A little over a year ago, I received a request to write about a given subject relating to the reign of Solomon . The specific scripture cited is 1 Kings 2:19, which reads:
“Bathsheba therefore went to King Solomon, to speak to him for Adonijah. And the king rose up to meet her and bowed down to her, and sat down on his throne and had a throne set for the king’s mother; so she sat at his right hand.”
The person who read this verse wanted to know if this was a foundational idea for Mary of Joseph being the intercessor and mediatrix and Queen of Heaven. The short answer to this is no. It is the mystery religions of the ancient world  that provided the model for Mary being the Queen of Heaven, which gave the world the particular role that the Roman Catholic Church exploited in their characteristically syncretistic way. Bathsheba’s serving as a counselor for her wise young son does not in any way serve as a model for Mary as an intercessor for Jesus, as it is the job of Jesus Christ to intercede on our behalf to God our Father in Heaven. We have no queen mother in heaven, after all, if we are genuine believers. It is the church as a whole that is our mother, the Israel of God. Bathsheba here intercedes on behalf of Adonijah, who appeals to her sense of mercy against Solomon’s somewhat grim realpolitik.
Are there heavenly lessons that we can gain from the example of Solomon’s respect and regard for his mother? First, we can note that there are at least a couple of places in the scriptures where Solomon’s regard for his mother is either stated or implied. The implication occurs at the end of the book of Proverbs, which contains the famous Hebrew acrostic celebration of the virtuous woman, and the less famous advice of the mother of King Lemuel. It is not sure or even likely that Lemuel is Solomon, but the fact that the book of Proverbs closes with wisdom from a mother to her son the king that was compiled into a book written mostly by Solomon suggests that Solomon was sensitive to the wisdom that women were able to provide, and inclined to pay attention to it . No doubt we should all be heartened by the fact that Solomon, for all of his mistakes with regards to women, was at least inclined to respect the wisdom of women at the beginning of his reign.
The other passage is even more suggestive of eternal life in a way that has implications on eternal life, but it is not an often recognized passage. Song of Solomon 3:11 reads: “Go forth, O daughters of Zion, and see King Solomon with the crown with which his mother crowned him on the day of his wedding, the day of the gladness of his heart.” Solomon, he of 700 wives and 300 concubines, obviously had too many such days of gladness and wore out his head wearing too many of such crowns, and his wives turned him against God and induced him to compromise with sin to keep his harem happy. Yet despite Solomon’s failure, the story itself does have spiritual significance for us. Let us not forget what Paul said in 1 Corinthians 9:25: “And everyone who competes for the prize is temperate in all things. Now they do it to obtain a perishable crown, but we for an imperishable crown.” Let us not be distracted by the crowns that exist on this earth, seeing as we are living our lives in preparation for eternal life, but all the same, let us celebrate those victories that life does provide as it encourages us to carry onward.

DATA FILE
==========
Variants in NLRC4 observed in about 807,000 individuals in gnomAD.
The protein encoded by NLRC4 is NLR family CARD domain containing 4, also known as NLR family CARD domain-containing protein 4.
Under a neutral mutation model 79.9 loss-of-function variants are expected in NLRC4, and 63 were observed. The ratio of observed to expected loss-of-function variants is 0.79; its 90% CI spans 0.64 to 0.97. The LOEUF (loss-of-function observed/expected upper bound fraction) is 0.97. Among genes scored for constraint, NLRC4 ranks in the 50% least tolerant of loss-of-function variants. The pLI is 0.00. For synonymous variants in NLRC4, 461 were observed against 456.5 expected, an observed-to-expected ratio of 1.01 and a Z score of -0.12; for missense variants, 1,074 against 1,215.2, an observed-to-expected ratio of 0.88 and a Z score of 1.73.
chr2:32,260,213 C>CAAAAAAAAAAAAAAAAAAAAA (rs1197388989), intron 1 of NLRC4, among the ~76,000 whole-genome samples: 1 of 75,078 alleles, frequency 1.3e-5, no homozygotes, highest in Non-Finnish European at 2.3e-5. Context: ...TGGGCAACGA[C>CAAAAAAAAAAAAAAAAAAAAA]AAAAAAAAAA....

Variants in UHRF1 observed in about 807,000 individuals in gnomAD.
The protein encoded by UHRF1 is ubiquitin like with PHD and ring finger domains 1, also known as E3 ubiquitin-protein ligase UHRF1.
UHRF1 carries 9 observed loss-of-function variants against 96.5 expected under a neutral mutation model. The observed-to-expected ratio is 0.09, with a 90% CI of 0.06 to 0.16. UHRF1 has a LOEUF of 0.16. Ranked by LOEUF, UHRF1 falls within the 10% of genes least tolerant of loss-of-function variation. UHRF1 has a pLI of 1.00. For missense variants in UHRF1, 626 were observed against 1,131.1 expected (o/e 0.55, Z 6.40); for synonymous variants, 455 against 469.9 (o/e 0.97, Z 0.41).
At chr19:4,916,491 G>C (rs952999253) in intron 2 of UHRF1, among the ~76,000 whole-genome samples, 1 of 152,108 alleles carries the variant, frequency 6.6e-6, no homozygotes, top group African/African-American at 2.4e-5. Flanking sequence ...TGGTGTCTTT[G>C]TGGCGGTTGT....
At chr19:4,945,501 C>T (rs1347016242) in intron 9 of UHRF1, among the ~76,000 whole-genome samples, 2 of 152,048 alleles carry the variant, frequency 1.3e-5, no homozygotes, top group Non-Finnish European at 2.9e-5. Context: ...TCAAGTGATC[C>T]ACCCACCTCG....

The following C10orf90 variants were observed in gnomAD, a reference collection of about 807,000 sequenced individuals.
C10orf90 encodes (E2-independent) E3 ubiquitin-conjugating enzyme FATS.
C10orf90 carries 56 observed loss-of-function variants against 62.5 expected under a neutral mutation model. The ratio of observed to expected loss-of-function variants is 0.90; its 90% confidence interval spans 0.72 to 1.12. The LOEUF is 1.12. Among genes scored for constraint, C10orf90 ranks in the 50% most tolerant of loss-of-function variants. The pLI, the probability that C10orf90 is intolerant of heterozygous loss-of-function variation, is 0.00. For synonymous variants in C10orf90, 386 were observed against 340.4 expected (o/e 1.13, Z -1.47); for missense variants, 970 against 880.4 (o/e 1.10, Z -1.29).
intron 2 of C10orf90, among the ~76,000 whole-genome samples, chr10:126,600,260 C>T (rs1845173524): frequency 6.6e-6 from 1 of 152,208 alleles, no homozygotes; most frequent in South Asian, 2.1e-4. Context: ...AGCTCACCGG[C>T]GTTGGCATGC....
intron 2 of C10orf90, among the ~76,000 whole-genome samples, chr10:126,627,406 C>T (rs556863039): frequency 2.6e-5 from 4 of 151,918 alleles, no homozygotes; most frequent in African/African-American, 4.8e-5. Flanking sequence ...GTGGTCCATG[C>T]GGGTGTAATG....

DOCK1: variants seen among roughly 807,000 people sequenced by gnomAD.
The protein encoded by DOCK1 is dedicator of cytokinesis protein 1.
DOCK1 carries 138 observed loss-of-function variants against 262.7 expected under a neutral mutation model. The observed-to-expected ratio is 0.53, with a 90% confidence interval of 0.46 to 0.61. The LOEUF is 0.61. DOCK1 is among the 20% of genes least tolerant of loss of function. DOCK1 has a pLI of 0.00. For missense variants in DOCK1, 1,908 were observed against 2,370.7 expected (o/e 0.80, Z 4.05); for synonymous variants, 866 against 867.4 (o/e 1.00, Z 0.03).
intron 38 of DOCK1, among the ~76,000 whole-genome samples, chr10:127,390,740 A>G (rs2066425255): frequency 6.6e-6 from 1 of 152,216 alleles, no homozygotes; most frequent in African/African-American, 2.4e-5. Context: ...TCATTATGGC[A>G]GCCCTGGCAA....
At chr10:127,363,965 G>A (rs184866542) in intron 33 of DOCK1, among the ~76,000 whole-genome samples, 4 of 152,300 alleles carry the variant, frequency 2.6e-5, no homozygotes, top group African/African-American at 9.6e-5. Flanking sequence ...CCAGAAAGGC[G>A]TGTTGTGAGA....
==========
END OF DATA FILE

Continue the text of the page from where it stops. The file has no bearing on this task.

Interestingly enough, the conception of the crown of the Song of Solomon has a connotation in at least one contemporary song. In the chorus to their song “Crown,” Collective Soul sang : “Whos gonna wear my crown? / Whos gonna wear my crown? / I dont know. / I just might, alone.” Here Collective Soul is getting back to the point of Solomon’s wearing a crown to celebrate marriage. We see ourselves as kings, whether we are born into physical royalty or not, because we are children of the Most High. Yet we long for our own houses and dynasties here on this earth. Ideally, in life, we are able to wear the crowns in this life and in the world to come, to build harmonious relationships on earth that are a model of the unity and love that God and Jesus Christ have for each other and for the Church. All of this requires a lot of work, but what we are seeking requires a lot of effort, although it is definitely worth it to do it right.
I was just reading in 1Kings 2:19 where Soloman accords his mother great honor by placing her on a throne at his right hand. Commentaries point out that this was a tradition in monarchies evidently going back this far. Could this be a foundational idea in the Catholic Churches teaching on Mary as the “Queen of Heaven” and as an intercessor, as was Bathsheba to Solomon for Adonijah. As a Protestant I have always wondered about Mary’s elevation by the Church.
Thank You – A first time reader.
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